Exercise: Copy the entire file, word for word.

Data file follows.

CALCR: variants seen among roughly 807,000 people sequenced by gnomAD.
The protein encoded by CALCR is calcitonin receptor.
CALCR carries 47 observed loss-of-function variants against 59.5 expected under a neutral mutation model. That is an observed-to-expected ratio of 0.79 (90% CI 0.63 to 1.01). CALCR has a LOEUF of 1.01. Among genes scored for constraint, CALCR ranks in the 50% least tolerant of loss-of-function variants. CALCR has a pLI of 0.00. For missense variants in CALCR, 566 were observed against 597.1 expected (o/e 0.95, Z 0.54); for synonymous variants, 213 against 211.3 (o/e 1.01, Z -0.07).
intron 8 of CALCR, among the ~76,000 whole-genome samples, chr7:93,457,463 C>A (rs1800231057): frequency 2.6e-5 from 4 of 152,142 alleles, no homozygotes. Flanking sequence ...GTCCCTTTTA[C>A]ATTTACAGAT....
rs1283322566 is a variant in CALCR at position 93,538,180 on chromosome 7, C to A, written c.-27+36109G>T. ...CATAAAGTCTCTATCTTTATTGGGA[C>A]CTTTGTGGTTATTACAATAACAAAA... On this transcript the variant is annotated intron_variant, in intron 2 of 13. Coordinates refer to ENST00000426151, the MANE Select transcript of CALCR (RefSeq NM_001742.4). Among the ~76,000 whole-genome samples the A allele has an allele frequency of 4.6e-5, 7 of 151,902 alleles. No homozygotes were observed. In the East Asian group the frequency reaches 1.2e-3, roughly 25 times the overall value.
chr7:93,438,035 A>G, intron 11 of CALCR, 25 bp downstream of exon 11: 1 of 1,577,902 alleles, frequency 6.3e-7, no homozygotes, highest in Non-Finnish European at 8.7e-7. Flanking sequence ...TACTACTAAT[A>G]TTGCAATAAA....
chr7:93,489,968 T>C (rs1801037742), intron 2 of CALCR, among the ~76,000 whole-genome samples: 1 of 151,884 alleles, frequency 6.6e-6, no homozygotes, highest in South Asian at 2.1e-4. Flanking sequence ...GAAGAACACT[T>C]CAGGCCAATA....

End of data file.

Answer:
CALCR: variants seen among roughly 807,000 people sequenced by gnomAD.
The protein encoded by CALCR is calcitonin receptor.
CALCR carries 47 observed loss-of-function variants against 59.5 expected under a neutral mutation model. That is an observed-to-expected ratio of 0.79 (90% CI 0.63 to 1.01). CALCR has a LOEUF of 1.01. Among genes scored for constraint, CALCR ranks in the 50% least tolerant of loss-of-function variants. CALCR has a pLI of 0.00. For missense variants in CALCR, 566 were observed against 597.1 expected (o/e 0.95, Z 0.54); for synonymous variants, 213 against 211.3 (o/e 1.01, Z -0.07).
intron 8 of CALCR, among the ~76,000 whole-genome samples, chr7:93,457,463 C>A (rs1800231057): frequency 2.6e-5 from 4 of 152,142 alleles, no homozygotes. Flanking sequence ...GTCCCTTTTA[C>A]ATTTACAGAT....
rs1283322566 is a variant in CALCR at position 93,538,180 on chromosome 7, C to A, written c.-27+36109G>T. ...CATAAAGTCTCTATCTTTATTGGGA[C>A]CTTTGTGGTTATTACAATAACAAAA... On this transcript the variant is annotated intron_variant, in intron 2 of 13. Coordinates refer to ENST00000426151, the MANE Select transcript of CALCR (RefSeq NM_001742.4). Among the ~76,000 whole-genome samples the A allele has an allele frequency of 4.6e-5, 7 of 151,902 alleles. No homozygotes were observed. In the East Asian group the frequency reaches 1.2e-3, roughly 25 times the overall value.
chr7:93,438,035 A>G, intron 11 of CALCR, 25 bp downstream of exon 11: 1 of 1,577,902 alleles, frequency 6.3e-7, no homozygotes, highest in Non-Finnish European at 8.7e-7. Flanking sequence ...TACTACTAAT[A>G]TTGCAATAAA....
chr7:93,489,968 T>C (rs1801037742), intron 2 of CALCR, among the ~76,000 whole-genome samples: 1 of 151,884 alleles, frequency 6.6e-6, no homozygotes, highest in South Asian at 2.1e-4. Flanking sequence ...GAAGAACACT[T>C]CAGGCCAATA....